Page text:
Ancient way to success: Stoicism
What you are getting into: 659 words, 4mins read
Under the mega branch of philosophy, there’s a little known branch named Stoicism1. I am an avid fan of it. Despite what the internet says, it’s not all about having no emotions like a robot. Instead it’s about taking control of your emotions and not letting external events or people influence it. It is also not an idea or mental model which you can reference from time to time like a library book whenever you need it. Remaining stoic requires constant practice in the harsh world we live in.
Anyone who decides to venture a little bit more into Stoicism will come across 3 major Stoic teachers: Epictetus, Seneca the younger, and last of the five good emperor — Marcus Aurelius.
The ancient books published are hard to digest, in my opinion. But I have found a great modern book on stoicism written by Ryan Holiday — The Obstacle is the Way2. The thesis of the book can be summarised with this: The Ancient Art of Turning Adversity to Advantage. By adopting some of the Stoic concepts, one can reframe adversities into a learning opportunity, in turn transforms adversities into an advantage.
The concept is simple, when dealt with a bad hand, do we whine and complain about it? Or do we accept the reality and play the game with the goal of making the best out of it?
Take this simple example in the book:
Remember, you could have lost a friend.
Lost that job?
What if you’d lost a limb?
Lost your house?
You could have lost everything.
By reframing our perceptions, we are able to turn our attention into things we can be grateful for. Usually things we can be grateful for are things we take for granted. Take for example, you reading this article means that you have access to either a computer or mobile phone, internet connection, access to funds or resources to acquire the last two things, your eyesight, education of the English language, cognitive ability to understand this passage. Imagine there are people out there in the world who don’t have these things.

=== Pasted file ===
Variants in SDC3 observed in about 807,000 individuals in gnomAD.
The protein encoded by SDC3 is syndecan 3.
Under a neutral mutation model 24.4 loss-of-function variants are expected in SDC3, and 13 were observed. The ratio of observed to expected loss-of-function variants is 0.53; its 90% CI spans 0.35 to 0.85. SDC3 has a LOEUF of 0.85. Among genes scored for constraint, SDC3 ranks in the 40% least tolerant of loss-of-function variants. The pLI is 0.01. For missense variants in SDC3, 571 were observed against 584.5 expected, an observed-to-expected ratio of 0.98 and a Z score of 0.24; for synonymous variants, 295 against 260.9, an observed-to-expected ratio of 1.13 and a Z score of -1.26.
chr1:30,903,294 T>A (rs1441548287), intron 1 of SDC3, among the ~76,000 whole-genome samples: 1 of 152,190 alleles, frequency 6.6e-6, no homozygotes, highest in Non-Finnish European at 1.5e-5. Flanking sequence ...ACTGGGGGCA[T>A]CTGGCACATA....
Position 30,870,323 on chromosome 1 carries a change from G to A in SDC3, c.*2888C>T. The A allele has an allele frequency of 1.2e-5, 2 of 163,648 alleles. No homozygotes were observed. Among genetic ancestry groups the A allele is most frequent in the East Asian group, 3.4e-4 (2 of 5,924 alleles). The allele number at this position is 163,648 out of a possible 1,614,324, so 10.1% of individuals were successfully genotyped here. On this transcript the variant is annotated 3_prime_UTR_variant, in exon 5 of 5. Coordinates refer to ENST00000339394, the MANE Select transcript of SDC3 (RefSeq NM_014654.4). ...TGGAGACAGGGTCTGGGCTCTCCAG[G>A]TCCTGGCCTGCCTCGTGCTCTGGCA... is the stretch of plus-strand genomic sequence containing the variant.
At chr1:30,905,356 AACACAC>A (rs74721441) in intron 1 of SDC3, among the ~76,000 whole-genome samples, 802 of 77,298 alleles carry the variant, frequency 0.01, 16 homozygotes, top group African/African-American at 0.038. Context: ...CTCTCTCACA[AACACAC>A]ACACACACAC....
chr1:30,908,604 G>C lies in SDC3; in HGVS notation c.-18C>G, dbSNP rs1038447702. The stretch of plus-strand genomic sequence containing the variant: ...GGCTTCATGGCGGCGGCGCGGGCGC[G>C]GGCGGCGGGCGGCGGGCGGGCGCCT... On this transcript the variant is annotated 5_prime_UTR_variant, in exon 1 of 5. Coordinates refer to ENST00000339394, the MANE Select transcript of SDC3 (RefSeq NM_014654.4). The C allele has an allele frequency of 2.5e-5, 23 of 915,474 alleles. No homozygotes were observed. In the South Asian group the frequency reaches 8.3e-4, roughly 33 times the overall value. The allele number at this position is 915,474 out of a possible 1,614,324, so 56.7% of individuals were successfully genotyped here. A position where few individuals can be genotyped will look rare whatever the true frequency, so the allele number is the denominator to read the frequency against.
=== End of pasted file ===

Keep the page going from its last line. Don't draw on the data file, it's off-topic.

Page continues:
Another good concept that is highly applicable is building your inner citadel. In the army, soldiers are usually expected to carry heavy load as much as half their weight while being able to run, crawl, shoot, and staying present enough to listen or give instructions. They go through rigorous training to be able to withstand all the pain. Same goes to lifting heavy weights. If you are able to carry your wife (or partner) to the hospital (like the movies), most likely you had some form of physical training which enables you to do it. In stoicism, by building your inner citadel, you are welcoming adversity. The amount of adversity you can handle depends on how much training you have gone through. Someone who crumbles at the slightest pressure have not undergone adequate training, yet. Thus, ability to tolerate catastrophes can be trained, so take heart.
So train up, build your own inner citadel, once the fortress built around your emotions is high and strong, what used to be a catastrophe is now a trivial matter.
”You have power over your mind – not outside events. Realise this, and you will find strength.” — Marcus Aurelius
Here are some online resources to read up on if you are interested in understanding deeper, they are ranked by the amount of time needed:
- Excellent comic by Zenpencils on Marcus Aurelius, I recommend you start here
- Youtube, School of Life on Stoics
- Reddit, a summary of Stoicism
- 99u, 9 Principles to Help You Keep Calm in Chaos
- Lifehacker, How the Principles of Stoicism Can Help Your Personal and Financial Life
- Artofmanliness, 5 tools for thriving in uncertainty
- Reddit, a FAQ on Stoicism
Photo via Unsplash